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Gasoline Makes a Terrific Degreaser, Yet This Practice Can Kill You

by Classic Motorsports

Posted on 12/5/2024 at 9:00 AM

Cleaning car engine



The Science: People have been cleaning greasy parts with gasoline for decades, and the science explains why it works so well: “Number-one rule of solubility is likes dissolves likes,” explains Zachary J. Santner, senior specialist of quality at Sunoco.
In this case, gasoline, oil, and grease are all formed from hydrocarbons. The big difference lies simply in the length of the chains – science talk for how far each product is refined. 

The Safety: More science explains the danger of using gasoline as a solvent. Compared to kerosene, diesel fuel and proper parts-cleaning solutions, gasoline has a high vapor pressure, meaning it easily evaporates from an uncapped container. Those gasoline vapors then pool on the ground–picture the fog machine chugging away the last time you saw Iron Maiden or Judas Priest.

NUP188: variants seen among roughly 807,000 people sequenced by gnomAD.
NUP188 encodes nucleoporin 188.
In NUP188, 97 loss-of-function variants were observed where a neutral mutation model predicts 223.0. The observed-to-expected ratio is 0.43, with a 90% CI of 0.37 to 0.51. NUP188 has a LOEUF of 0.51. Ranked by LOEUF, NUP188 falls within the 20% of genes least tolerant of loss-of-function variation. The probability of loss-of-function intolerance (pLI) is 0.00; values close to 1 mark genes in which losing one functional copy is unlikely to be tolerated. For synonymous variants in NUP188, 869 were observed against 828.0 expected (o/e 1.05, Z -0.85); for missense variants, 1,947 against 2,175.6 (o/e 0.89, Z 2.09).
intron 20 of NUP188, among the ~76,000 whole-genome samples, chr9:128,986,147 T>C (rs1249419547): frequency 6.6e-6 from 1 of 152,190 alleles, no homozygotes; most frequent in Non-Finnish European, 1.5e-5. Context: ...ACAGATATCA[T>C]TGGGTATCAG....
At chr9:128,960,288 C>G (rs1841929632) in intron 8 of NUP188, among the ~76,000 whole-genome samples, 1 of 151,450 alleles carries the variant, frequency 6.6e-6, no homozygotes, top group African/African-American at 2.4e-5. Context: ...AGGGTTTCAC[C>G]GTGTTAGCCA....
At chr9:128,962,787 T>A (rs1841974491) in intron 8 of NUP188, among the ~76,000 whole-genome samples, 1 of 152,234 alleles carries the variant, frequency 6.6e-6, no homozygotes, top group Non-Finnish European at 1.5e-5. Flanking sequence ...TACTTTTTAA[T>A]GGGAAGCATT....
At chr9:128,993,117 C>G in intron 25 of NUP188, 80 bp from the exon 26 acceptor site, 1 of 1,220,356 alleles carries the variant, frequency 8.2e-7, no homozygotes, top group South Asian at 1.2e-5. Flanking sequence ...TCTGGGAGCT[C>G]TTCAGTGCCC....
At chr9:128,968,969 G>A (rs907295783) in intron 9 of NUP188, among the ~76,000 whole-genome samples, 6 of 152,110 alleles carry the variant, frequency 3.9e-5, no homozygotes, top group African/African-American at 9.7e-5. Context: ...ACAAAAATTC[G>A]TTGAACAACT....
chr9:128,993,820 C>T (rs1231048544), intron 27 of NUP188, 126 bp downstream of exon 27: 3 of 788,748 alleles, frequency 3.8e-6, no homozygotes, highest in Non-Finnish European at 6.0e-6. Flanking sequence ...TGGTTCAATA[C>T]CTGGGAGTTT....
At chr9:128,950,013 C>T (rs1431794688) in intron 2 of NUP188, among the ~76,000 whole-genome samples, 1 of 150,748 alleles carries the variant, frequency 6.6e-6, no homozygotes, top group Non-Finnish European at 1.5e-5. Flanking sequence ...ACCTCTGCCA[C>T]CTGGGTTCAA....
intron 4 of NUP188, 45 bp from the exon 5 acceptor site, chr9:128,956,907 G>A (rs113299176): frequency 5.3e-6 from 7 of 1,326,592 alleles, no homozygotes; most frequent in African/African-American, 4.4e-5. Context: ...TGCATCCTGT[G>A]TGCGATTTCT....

Now the big concern: Those pooled gasoline vapors are quite combustible, easily ignited by a welding spark, pilot light or other common source. Now you’re standing in the middle of fire, which, despite what you might think, is not very metal.

The Solution: How do we know that proper cleaning solutions offer a safer alternative to gasoline? Check the safety data sheets – easily found online – and look at the flash points. 

OSHA defines a flash point as “the minimum temperature at which a liquid gives off vapor within a test vessel in sufficient concentration to form an ignitable mixture with air near the surface of the liquid.” Then there’s a line for those who don’t own a lab coat: “The flash point is normally an indication of susceptibility to ignition.”

Gasoline has a flash point of 40 degrees below zero, meaning it’s flammable once it’s warmer than that temperature; CRC Parts Washer Solvent, in contrast, has a flash point of 204 degrees Fahrenheit. “The liquid won’t produce enough vapor to support a fire until 204 degrees,” Santner explains.

Another alternative: water-based cleaners that, Santner continues, rely upon surfactants and emulsifiers to suspend oil, and grease in the cleaning solution and remove them.